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Reality Check Needed for Public Employee Comparison

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By Lowell L. Kalapa
(Released on 7/5/09)

There were a number of comments to last week’s commentary which ended on a note that compared public and private sector compensation. While public sector employees like to believe that they are paid substantially less than their private sector counterparts, that depends on which position one is comparing.

Generally, the hourly workers at the state and county governments make more than their counterparts in the private sector. In a comparison of 45 hourly positions where the duties were identical, the average wages for 32 (71.1%) of the public sector positions were higher.

Salaried employees who have been at their careers for some time are usually paid better in the private sector than their counterparts in the public sector as private employers recognize the need to attract and retain more highly skilled workers who are in short supply. In the public sector, because the civil service pay scale is subject to negotiation and is highly dependent on the longevity of the employee, those in higher paying positions tend to see increases in their salaries rise more slowly than their counterparts in the private sector.

Much of the wage and salary differentials are overshadowed by the differences in benefits afforded public sector employees. Probably the most generous benefits for active employees are the vacation and sick leave benefits. After a probationary period, which usually applies to both private and public sector employees, public sector employees earn 21 days of vacation and 21 days of paid sick leave per year. And in general, those days can be carried over from year to year without limitation.

For employees in the private sector, vacation and sick leave benefits tend to be much more lean. For example, one company grants their employees one week or five working days of vacation each year for their first three years of employment, two weeks for service between four and ten years and three weeks for service in excess of ten years. Because private sector employers view vacation days not used as an unfunded liability, they usually limit the number of days that can be carried over from year to year to 10 working days.

This is because vacation days accrued over time and taken at a later date are compensated at the employee’s current salary or wage level, so allowing the employee to accrue a whole bunch of unused vacation days could have a substantial financial impact on the business.

The same is true of sick leave days. In the private sector, employees usually earn one sick day per month for a total of 12 paid sick leave days per year. Like vacation time earned, private sector employees are usually permitted to carry over only a limited number of unused sick days.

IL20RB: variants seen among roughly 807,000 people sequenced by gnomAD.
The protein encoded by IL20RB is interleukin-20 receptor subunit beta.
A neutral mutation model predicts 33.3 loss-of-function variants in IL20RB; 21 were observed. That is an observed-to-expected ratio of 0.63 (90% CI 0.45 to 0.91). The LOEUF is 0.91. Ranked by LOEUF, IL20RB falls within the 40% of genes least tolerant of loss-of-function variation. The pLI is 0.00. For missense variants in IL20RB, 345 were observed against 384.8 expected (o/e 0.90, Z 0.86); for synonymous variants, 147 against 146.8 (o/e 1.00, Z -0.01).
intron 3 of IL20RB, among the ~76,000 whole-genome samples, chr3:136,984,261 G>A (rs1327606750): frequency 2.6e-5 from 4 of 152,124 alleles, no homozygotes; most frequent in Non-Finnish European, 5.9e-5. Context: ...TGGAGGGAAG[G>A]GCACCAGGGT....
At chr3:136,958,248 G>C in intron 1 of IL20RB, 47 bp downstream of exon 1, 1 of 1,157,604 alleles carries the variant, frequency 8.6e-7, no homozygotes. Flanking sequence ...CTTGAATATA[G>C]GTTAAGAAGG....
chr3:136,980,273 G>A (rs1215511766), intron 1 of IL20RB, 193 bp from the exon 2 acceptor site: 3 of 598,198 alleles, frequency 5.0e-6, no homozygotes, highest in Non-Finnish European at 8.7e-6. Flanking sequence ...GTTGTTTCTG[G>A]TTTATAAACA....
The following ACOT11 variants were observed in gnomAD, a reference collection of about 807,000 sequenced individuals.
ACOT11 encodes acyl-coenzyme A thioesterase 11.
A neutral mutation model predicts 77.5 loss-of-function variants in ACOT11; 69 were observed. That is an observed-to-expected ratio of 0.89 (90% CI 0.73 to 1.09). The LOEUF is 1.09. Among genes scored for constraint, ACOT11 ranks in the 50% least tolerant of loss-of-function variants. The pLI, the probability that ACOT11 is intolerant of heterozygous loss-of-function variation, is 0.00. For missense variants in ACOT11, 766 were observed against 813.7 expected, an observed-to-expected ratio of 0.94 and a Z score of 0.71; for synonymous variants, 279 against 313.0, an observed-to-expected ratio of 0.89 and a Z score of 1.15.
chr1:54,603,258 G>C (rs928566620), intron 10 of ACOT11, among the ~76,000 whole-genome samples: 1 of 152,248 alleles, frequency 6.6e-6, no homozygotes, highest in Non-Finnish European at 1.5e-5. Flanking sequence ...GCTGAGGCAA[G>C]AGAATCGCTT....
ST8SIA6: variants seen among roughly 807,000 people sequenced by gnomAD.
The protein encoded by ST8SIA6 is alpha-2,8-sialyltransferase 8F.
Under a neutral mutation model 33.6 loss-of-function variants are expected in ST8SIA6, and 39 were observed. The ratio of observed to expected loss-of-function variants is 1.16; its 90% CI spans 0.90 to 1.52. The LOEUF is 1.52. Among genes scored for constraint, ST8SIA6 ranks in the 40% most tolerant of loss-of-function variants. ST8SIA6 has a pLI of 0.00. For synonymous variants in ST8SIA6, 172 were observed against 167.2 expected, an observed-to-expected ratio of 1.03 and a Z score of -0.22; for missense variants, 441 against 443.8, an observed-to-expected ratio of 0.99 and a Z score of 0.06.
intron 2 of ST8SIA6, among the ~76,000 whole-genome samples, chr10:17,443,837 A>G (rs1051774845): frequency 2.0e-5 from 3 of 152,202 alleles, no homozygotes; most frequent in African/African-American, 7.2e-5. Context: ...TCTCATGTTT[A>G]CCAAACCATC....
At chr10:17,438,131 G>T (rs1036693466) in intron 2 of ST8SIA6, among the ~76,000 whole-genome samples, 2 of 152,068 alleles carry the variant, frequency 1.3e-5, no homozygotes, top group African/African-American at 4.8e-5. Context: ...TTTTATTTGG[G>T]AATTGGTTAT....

Between 21 days of vacation and 21 days of paid sick leave, we are talking about the potential for a public sector employee to take just over two months off from work and still be paid. In other words, we, as taxpayers, are paying public sector employees to work just under ten months per year.

And while public sector employees are not subject to Hawaii’s prepaid health law mandating that full-time employees are provided health care insurance while on the job, that does not carry over for private sector employees when they retire. On the other hand, while private sector employees have to pick up the cost of their health care insurance after retiring, public sector employees do not. And until recently, the public sector employee retirees were not only covered after their retirement, but that coverage was also extended to their spouse whether or not the spouse ever worked for the state or county government. While some of the health benefits were curtailed, there are currently thousands of public sector retirees who enjoy this generous benefit.

The real kicker is that while private sector retirees see their Social Security benefits reduced by the premium for Medicare once they reach age 65, the public sector employee retiree is made whole with a reimbursement from the retirement system equal to that amount of the Medicare premium.

Finally, one has to remember that the state retirement system is one of the few defined benefit retirement plans left. The private sector has largely eliminated such plans in favor of encouraging employees to save through a 401(k) plan where the deferral is sometimes matched by the employer. However, and more importantly, unlike distributions from a 401(k) plan that are subject to state income taxes, distributions from the state retirement system are not subject to state income taxes. And unlike recipients of 401(k) plans which are highly dependent on the market at the time of retirement, the state retirement benefit is solely dependent on the number of years of service and the public sector employee’s three highest years of compensation.

Lowell L. Kalapa is the president of the Tax Foundation of Hawaii. Mr. Kalapa’s commentary is printed each week in the Maui News, West Hawaii Today, Garden Isle News, and the HawaiiReporter.com.

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